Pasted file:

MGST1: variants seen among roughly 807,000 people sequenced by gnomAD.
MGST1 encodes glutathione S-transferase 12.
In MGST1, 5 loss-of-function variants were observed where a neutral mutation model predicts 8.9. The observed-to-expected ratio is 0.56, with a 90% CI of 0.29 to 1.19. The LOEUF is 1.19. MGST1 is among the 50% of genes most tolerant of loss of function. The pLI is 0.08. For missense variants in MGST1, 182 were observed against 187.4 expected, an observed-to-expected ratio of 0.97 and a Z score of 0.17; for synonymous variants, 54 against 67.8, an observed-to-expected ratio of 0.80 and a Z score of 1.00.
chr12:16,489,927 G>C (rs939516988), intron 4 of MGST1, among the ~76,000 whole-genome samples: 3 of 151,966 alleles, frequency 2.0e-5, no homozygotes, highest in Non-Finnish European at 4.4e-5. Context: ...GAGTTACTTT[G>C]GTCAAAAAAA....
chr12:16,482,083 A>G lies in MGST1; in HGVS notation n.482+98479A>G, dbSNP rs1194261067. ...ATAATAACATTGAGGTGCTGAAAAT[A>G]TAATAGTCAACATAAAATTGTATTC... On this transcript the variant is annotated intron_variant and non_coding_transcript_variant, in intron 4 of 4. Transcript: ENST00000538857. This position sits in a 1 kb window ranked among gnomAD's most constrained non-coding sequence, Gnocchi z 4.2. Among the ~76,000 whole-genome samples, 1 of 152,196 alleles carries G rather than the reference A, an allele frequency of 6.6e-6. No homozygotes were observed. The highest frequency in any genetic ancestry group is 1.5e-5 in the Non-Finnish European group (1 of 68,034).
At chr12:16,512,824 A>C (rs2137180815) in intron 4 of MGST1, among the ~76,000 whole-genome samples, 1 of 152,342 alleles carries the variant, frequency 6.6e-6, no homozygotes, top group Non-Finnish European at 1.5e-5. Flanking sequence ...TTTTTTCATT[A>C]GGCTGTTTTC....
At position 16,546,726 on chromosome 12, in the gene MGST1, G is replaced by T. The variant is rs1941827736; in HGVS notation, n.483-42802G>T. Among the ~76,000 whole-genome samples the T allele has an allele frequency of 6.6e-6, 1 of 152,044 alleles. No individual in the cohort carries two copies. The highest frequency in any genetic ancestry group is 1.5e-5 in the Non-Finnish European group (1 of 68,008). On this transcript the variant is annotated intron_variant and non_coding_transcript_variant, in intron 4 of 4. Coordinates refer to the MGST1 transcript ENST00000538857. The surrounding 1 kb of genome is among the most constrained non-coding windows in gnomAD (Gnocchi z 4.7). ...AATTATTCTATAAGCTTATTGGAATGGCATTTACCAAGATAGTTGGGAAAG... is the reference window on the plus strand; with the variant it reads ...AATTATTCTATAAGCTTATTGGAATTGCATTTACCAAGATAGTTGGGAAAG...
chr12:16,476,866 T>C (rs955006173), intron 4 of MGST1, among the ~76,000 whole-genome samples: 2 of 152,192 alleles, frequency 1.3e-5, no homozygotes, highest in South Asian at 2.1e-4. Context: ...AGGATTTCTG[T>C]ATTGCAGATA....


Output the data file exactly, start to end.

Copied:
MGST1: variants seen among roughly 807,000 people sequenced by gnomAD.
MGST1 encodes glutathione S-transferase 12.
In MGST1, 5 loss-of-function variants were observed where a neutral mutation model predicts 8.9. The observed-to-expected ratio is 0.56, with a 90% CI of 0.29 to 1.19. The LOEUF is 1.19. MGST1 is among the 50% of genes most tolerant of loss of function. The pLI is 0.08. For missense variants in MGST1, 182 were observed against 187.4 expected, an observed-to-expected ratio of 0.97 and a Z score of 0.17; for synonymous variants, 54 against 67.8, an observed-to-expected ratio of 0.80 and a Z score of 1.00.
chr12:16,489,927 G>C (rs939516988), intron 4 of MGST1, among the ~76,000 whole-genome samples: 3 of 151,966 alleles, frequency 2.0e-5, no homozygotes, highest in Non-Finnish European at 4.4e-5. Context: ...GAGTTACTTT[G>C]GTCAAAAAAA....
chr12:16,482,083 A>G lies in MGST1; in HGVS notation n.482+98479A>G, dbSNP rs1194261067. ...ATAATAACATTGAGGTGCTGAAAAT[A>G]TAATAGTCAACATAAAATTGTATTC... On this transcript the variant is annotated intron_variant and non_coding_transcript_variant, in intron 4 of 4. Transcript: ENST00000538857. This position sits in a 1 kb window ranked among gnomAD's most constrained non-coding sequence, Gnocchi z 4.2. Among the ~76,000 whole-genome samples, 1 of 152,196 alleles carries G rather than the reference A, an allele frequency of 6.6e-6. No homozygotes were observed. The highest frequency in any genetic ancestry group is 1.5e-5 in the Non-Finnish European group (1 of 68,034).
At chr12:16,512,824 A>C (rs2137180815) in intron 4 of MGST1, among the ~76,000 whole-genome samples, 1 of 152,342 alleles carries the variant, frequency 6.6e-6, no homozygotes, top group Non-Finnish European at 1.5e-5. Flanking sequence ...TTTTTTCATT[A>C]GGCTGTTTTC....
At position 16,546,726 on chromosome 12, in the gene MGST1, G is replaced by T. The variant is rs1941827736; in HGVS notation, n.483-42802G>T. Among the ~76,000 whole-genome samples the T allele has an allele frequency of 6.6e-6, 1 of 152,044 alleles. No individual in the cohort carries two copies. The highest frequency in any genetic ancestry group is 1.5e-5 in the Non-Finnish European group (1 of 68,008). On this transcript the variant is annotated intron_variant and non_coding_transcript_variant, in intron 4 of 4. Coordinates refer to the MGST1 transcript ENST00000538857. The surrounding 1 kb of genome is among the most constrained non-coding windows in gnomAD (Gnocchi z 4.7). ...AATTATTCTATAAGCTTATTGGAATGGCATTTACCAAGATAGTTGGGAAAG... is the reference window on the plus strand; with the variant it reads ...AATTATTCTATAAGCTTATTGGAATTGCATTTACCAAGATAGTTGGGAAAG...
chr12:16,476,866 T>C (rs955006173), intron 4 of MGST1, among the ~76,000 whole-genome samples: 2 of 152,192 alleles, frequency 1.3e-5, no homozygotes, highest in South Asian at 2.1e-4. Context: ...AGGATTTCTG[T>C]ATTGCAGATA....